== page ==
A Lidl Bit Better: Leading Supermarket Implements Living Wage

28th September 2015

We love their adverts and now we love how they treat their employees. One of the UK’s top supermarkets, Lidl, has announced it will be implementing the Living Wage for 9,000 of its UK workers.

More Money, Less Problems

The company has been widely praised for its action and is even going above what it needs to; workers will be paid a minimum of £8.20 across the UK and a slightly higher £9.35 in London, above the minimum Living Wage for each area. The move represents a £9million investment for Lidl in total, and their Chief Executive is delighted:

“Lidl employees will be amongst the best paid in the supermarket sector, and that’s something I feel incredibly proud about,”.

The new Lidl wage will mean an annual increase of near £1,200 for Lidl workers and will perhaps address a current concern whereby workers feel can’t get the hours they need to make ends meet.

Currently, Sainsbury’s employees are some of the best paid, receiving pay for their breaks. Tesco does pay more per hour but does not pay for breaks, lessening its financial benefit for employees.

Affordablity Concerns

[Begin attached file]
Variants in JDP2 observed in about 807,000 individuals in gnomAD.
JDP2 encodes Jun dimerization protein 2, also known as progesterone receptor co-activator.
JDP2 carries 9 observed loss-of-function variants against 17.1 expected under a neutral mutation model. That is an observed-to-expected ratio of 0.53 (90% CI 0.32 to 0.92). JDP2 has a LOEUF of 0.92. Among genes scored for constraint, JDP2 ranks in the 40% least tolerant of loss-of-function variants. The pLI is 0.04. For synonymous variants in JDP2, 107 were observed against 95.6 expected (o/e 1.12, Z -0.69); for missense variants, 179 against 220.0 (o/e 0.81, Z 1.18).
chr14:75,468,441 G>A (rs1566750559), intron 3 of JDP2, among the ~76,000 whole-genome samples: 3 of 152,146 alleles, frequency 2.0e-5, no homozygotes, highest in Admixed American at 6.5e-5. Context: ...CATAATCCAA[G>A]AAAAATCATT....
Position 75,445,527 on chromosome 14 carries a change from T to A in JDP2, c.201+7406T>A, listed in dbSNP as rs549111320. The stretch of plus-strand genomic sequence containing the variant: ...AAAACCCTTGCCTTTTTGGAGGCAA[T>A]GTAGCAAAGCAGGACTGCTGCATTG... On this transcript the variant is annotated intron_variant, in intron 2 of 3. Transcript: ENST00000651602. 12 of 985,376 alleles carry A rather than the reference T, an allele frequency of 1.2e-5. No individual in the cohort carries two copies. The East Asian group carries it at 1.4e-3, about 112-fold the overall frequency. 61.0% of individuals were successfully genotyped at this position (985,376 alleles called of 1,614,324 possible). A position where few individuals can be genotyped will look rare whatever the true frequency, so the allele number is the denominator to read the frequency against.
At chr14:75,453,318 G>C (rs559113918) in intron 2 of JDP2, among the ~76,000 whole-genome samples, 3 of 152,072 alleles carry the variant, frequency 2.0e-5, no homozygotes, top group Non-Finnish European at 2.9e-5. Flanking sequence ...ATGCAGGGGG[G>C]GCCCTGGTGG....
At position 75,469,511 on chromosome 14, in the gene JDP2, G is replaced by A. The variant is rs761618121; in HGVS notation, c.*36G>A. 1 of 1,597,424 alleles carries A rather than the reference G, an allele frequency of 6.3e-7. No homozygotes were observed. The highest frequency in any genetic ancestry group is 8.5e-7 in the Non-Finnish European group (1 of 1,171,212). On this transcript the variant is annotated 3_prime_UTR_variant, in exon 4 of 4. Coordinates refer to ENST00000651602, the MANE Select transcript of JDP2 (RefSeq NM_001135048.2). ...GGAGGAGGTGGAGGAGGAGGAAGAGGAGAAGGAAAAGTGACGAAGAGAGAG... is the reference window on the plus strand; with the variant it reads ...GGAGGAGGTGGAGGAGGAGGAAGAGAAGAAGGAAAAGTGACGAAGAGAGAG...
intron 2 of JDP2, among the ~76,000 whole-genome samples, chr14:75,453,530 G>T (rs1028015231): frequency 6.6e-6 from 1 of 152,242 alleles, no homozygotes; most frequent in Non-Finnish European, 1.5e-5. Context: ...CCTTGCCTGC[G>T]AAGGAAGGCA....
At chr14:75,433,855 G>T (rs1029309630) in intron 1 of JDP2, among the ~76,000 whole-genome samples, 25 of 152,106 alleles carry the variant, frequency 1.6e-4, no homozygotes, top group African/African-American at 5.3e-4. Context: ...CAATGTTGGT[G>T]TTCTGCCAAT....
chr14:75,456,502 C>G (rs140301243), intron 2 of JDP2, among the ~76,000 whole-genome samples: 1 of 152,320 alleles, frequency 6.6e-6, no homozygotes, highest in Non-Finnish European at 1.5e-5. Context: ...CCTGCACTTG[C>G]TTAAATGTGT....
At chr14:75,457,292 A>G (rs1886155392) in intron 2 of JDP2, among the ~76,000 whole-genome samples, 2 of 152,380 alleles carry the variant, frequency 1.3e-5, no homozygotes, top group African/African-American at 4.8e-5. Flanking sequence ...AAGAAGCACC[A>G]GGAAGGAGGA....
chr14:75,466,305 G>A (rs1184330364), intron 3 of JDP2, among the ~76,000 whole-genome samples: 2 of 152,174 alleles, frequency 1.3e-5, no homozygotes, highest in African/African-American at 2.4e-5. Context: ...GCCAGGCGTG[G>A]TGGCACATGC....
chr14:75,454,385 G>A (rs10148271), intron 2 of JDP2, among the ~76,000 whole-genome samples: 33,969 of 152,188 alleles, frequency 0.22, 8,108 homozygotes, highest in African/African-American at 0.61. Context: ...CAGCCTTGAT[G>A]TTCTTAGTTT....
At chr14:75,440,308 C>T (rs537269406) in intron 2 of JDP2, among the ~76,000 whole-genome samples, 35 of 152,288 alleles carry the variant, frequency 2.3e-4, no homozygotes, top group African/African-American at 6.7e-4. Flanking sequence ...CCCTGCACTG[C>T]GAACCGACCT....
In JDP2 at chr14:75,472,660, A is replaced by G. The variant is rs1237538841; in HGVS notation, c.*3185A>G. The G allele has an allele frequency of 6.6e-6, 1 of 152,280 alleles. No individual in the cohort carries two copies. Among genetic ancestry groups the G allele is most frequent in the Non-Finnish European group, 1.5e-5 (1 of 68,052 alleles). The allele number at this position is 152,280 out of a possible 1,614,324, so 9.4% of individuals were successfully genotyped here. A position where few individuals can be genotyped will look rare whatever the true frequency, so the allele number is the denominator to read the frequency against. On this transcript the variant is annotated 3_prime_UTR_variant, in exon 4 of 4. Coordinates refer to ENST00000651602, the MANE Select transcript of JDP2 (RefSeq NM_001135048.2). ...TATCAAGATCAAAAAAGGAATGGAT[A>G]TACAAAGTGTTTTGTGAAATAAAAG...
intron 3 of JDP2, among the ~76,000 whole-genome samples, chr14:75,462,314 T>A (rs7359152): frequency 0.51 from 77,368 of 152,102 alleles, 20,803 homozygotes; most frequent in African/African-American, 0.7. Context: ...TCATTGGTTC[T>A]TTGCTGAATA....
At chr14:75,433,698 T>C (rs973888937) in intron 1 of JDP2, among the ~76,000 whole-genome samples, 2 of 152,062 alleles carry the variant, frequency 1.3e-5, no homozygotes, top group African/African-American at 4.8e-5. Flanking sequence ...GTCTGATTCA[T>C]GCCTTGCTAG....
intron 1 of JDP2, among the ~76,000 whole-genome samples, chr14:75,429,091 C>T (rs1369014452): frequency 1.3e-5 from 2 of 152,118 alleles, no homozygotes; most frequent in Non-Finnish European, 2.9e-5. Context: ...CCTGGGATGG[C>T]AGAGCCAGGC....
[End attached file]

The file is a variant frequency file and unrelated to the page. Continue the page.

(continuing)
For the smaller business and those that are struggling, adhering to the Living Wage could bring new struggles – and another cost they simply can’t bare. In April 2016 it will become mandatory though, so decisions will need to be made – it is set at £7.20 and will apply to those aged 25 and over.

Minimum Wage

The Guardian also reported just recently on the Minimum Wage and reports that this will increase by £0.50 to £7.20. The argument is that despite these increases, because of benefit cuts people will still be worse off. The new National Minimum Wage will still be less than the Living Wage, and there are reports that this needs to be higher still to accommondate for costs in today’s environment… it’s a contentious issue to say the least.

What We Think

Although other things such as flexible working and work/life balance are more important to workers nowadays, monetary compensation for efforts is still important. Being able to live comfortably and have a sound financial situation is vital, and can reduce stress and other factors that can affect performance at work.

Understandably, affordability can be an issue for some employers, but if you can afford to give your workers the Living Wage, it could bode well for productivity among other benefits.

Lidl "workers will be paid a minimum of £8.20 across the UK and a slightly higher £9.35 in London, above the minimum Living Wage for each area."